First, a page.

The National Gurdwara, formally known as the Sikh Cultural Society of Washington, filed the lawsuit on Oct. 22 asking the District of Columbia Superior Court to bar Amrik Singh and Jaspreet Kaur Choudhary from its premises.
According to court documents, they are accused of disturbing the peace and assaulting the langar coordinator, Parminder Kaur Babra, who is the sister-in-law of head trustee, Shamsher Singh Babra.
The alleged assault was the backbone of the lawsuit. But when a secret video footage was submitted as evidence, showing that the alleged assault never happened, the board of trustees attempted to settle the lawsuit. The settlement fell apart a day before their court appearance on Dec. 9.
“They wanted to write (conditions) that I will not speak on behalf of National Gurdwara sangat,” Amrik Singh told SikhNN. Any member of the sangat has a right to speak, he said.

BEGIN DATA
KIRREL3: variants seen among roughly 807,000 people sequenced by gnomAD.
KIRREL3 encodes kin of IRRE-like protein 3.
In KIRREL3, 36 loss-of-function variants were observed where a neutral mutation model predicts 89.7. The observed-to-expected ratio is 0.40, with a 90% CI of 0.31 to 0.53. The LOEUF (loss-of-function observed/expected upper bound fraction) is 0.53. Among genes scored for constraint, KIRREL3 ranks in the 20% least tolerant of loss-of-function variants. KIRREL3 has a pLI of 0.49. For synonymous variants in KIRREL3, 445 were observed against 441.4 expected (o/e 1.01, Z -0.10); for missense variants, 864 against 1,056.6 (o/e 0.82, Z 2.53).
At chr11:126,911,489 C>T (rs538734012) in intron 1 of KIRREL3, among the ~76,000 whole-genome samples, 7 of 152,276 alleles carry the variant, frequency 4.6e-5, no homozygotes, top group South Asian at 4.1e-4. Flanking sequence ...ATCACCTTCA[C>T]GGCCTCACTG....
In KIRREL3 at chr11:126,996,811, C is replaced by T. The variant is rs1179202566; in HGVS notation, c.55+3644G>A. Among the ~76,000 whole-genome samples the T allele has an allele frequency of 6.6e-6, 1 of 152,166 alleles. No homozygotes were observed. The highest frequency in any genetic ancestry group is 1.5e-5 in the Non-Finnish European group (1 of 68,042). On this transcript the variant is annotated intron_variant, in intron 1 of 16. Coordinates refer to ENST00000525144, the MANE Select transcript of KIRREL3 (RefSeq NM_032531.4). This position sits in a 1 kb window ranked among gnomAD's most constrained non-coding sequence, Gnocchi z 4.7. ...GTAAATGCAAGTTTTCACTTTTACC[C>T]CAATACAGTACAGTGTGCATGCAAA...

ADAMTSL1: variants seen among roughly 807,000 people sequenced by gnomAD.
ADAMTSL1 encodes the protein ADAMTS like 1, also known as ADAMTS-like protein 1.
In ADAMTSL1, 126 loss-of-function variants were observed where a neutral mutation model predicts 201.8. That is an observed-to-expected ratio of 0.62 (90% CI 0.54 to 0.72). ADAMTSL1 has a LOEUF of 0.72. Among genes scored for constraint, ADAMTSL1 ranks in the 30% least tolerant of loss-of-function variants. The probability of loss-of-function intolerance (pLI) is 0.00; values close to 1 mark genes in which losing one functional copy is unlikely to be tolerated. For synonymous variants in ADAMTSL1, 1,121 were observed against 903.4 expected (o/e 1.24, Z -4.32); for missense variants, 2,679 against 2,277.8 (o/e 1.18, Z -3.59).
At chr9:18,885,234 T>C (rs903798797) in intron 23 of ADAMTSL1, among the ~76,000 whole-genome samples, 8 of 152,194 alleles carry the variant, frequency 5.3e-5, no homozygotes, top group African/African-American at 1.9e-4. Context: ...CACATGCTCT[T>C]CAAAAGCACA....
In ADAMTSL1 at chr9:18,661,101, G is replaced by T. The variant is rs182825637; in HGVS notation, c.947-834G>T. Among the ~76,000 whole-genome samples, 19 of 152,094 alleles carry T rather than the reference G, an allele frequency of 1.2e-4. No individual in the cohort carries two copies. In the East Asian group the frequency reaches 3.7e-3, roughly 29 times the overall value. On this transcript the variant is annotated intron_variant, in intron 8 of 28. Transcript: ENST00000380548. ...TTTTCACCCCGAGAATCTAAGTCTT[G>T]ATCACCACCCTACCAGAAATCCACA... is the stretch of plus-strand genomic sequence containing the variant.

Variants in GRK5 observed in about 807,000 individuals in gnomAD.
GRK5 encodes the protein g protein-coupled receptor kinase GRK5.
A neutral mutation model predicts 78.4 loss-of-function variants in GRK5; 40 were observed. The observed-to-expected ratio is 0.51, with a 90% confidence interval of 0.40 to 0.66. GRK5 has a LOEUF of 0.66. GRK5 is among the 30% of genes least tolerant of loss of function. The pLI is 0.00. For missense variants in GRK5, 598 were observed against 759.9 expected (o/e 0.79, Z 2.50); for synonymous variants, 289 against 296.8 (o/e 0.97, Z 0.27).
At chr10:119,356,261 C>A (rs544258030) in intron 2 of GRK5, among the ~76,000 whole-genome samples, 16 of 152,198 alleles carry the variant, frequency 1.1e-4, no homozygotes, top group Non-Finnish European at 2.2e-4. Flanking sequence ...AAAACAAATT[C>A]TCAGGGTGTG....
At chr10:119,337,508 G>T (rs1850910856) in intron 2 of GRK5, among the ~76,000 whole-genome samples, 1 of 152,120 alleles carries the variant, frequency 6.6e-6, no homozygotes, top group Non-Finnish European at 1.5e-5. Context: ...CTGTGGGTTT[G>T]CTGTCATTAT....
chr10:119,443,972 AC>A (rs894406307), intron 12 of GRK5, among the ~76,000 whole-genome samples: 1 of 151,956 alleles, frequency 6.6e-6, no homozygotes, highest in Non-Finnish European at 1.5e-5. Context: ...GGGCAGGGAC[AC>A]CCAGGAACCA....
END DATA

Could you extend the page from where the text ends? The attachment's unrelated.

“We are not going to (sign) anything,” Amrik Singh said. “No conditions or we go to court.” And if the board members continued with the court case, he would sue them for harassment and for bring false charges.
On Jan. 28, the board members withdrew the case.
“They withdrew the case because of the video,” he added. Beside, the SGPC is going to take over the Sikh Cultural Society.
Gurmeet Singh Bedi, an SGPC spokesman in Charlotte, North Carolina, confirmed that the SGPC would be acquiring the property within the next two months.
When SGPC representatives from Amritsar were in Washington last month to survey the property, Raghujit Singh, senior vice president, was asked about the lawsuit.
“Don’t worry,” he said. “Everything will be fine.”